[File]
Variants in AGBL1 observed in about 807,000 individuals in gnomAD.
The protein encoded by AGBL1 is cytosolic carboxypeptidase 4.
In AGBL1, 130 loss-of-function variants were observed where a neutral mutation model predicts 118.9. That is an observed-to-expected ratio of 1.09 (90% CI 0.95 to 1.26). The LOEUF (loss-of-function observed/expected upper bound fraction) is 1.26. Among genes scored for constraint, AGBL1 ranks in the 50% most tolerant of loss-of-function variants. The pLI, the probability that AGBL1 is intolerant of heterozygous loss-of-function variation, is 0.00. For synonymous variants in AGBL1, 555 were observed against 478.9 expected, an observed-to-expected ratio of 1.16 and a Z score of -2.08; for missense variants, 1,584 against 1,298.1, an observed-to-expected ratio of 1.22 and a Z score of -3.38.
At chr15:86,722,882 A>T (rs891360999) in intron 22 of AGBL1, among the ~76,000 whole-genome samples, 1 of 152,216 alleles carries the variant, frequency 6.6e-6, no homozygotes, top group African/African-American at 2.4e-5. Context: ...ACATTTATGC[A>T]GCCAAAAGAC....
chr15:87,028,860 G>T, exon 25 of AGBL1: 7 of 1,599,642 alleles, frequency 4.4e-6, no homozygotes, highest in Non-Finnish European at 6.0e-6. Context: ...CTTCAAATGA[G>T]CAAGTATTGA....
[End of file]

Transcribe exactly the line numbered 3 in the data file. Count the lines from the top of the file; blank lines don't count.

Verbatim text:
In AGBL1, 130 loss-of-function variants were observed where a neutral mutation model predicts 118.9. That is an observed-to-expected ratio of 1.09 (90% CI 0.95 to 1.26). The LOEUF (loss-of-function observed/expected upper bound fraction) is 1.26. Among genes scored for constraint, AGBL1 ranks in the 50% most tolerant of loss-of-function variants. The pLI, the probability that AGBL1 is intolerant of heterozygous loss-of-function variation, is 0.00. For synonymous variants in AGBL1, 555 were observed against 478.9 expected, an observed-to-expected ratio of 1.16 and a Z score of -2.08; for missense variants, 1,584 against 1,298.1, an observed-to-expected ratio of 1.22 and a Z score of -3.38.